The entire country converted to Compact Fluorescent Light-globes years ago, which is great, as they use much less energy and have a longer life.

Well, if you use them properly. For instance I don’t use CFLs in the bathroom/toilet, as these lights are generally on for short periods of time, and CFLs are better when used for 15 minutes or longer.

And the greenhouse gas reduction might be overstated – this Wikipedia article reckons it has resulted in a total nationwide GHG reduction of just 0.14%.

Stash of dead CFLsThe real problem is there seems to be no well-organised way to dispose of them safely. You’re not meant to just chuck them into landfill because they have a small amount of mercury inside them.

Proper disposal locations are few and far between, and a lot of the information available on safe disposal relates to fluorescent tubes, not CFLs. Or it’s clearly at commercial disposals, not households.

Some companies that sell CFLs are also involved in their disposal. I seem to recall both Ikea and Aldi advertising that they’d take them in the past, but I don’t recall actually seeing a collection bin in their stores.

More recently, apparently Ikea has said they’ll only sell LEDs by 2016 — this would be even better than CFLs, as they last even longer, and don’t have any hazardous chemicals.

So, how to get rid of them?

I asked my local council what their position was on CFL disposals. Their reply included a number of web links, the best one being Sustainability Victoria’s A to Z of household chemical waste disposal.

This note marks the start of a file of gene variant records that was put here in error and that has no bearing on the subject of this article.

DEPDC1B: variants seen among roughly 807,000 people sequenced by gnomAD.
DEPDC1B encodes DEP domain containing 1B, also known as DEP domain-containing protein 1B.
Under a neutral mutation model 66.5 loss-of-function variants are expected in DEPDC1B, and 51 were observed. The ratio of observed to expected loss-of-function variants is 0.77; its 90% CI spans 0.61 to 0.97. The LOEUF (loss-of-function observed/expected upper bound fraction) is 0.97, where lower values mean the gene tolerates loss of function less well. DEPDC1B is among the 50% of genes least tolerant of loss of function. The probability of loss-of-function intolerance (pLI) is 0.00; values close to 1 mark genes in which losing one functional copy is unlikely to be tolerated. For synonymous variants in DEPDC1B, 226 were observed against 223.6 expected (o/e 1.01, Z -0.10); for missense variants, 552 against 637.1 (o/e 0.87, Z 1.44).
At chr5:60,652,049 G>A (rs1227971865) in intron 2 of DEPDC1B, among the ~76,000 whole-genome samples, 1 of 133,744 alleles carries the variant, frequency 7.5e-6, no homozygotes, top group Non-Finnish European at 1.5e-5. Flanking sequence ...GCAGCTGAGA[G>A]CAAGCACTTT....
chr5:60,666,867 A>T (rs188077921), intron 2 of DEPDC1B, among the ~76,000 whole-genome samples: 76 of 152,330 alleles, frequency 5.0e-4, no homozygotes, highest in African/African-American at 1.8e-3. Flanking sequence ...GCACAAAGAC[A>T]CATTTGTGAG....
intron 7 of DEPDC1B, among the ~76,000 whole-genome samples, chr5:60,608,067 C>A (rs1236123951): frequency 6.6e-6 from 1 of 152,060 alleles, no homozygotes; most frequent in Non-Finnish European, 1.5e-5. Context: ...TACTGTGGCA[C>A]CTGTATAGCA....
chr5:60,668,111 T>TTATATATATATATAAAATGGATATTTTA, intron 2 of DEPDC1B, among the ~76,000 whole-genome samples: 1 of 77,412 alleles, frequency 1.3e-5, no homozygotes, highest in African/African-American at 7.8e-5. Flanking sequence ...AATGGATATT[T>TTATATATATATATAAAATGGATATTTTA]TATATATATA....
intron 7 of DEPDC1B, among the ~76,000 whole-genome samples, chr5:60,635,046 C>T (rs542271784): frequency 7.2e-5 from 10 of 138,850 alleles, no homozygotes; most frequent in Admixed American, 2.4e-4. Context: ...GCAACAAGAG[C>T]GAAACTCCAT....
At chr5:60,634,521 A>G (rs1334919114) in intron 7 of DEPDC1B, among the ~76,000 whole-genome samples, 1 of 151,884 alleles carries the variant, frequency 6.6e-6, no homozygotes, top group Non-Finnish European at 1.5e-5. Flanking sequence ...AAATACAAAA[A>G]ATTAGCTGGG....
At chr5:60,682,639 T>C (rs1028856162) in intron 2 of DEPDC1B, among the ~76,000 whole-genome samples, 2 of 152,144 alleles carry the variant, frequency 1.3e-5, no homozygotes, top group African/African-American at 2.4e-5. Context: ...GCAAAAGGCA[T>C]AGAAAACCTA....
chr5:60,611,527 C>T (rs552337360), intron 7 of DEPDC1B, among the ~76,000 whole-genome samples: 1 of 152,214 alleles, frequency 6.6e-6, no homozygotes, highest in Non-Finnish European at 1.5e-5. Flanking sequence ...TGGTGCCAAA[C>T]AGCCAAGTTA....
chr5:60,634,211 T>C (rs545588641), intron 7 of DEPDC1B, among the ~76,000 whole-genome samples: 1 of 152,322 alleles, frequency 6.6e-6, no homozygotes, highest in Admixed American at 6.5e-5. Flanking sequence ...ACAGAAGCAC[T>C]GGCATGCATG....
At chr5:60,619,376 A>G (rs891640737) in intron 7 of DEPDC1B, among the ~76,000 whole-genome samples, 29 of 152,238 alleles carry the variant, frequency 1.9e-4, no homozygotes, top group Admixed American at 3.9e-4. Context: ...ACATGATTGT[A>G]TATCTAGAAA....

This lists a number of permanent and mobile collection points, the closest one to me being the Monash Waste Transfer and Recycling Station in Notting Hill. They will take CFLs for free, provided they are separated from any other stuff you’re dropping off (charges apply for most other types of waste).

This is fine for me, I can stockpile dead CFLs and take them there once every year or two, but really it’s pretty poor for something now used in most households.

How many people just chuck them into regular garbage because they don’t know?

And how many people would find it impractical to get to a drop off point, for instance because they don’t have a car?

A follow-up from the council said they’re investigating more collection points – not kerbside, but bins at places such as libraries and other council facilities. That could work quite well, but of course, part of the problem here is that there’s no nationwide, or even statewide approach.

Witness hard rubbish – with some councils doing scheduled pickups and some doing booked pickups, the different methods across parts of Melbourne means that confusion reigns. In Glen Eira, if you book a collection and put your stuff out, half the time your neighbours will put stuff out as well, thinking an area-wide collection is coming.

The other thing the council said is that apparently a scheme involving manufacturers/importers is being considered, but that sounds like it would require Federal legislation, so it could be years away.

Until an easy, consistent method is provided for disposing of CFLs, you can bet most people won’t be getting rid of them properly.

Or maybe it’s time we all moved to LEDs.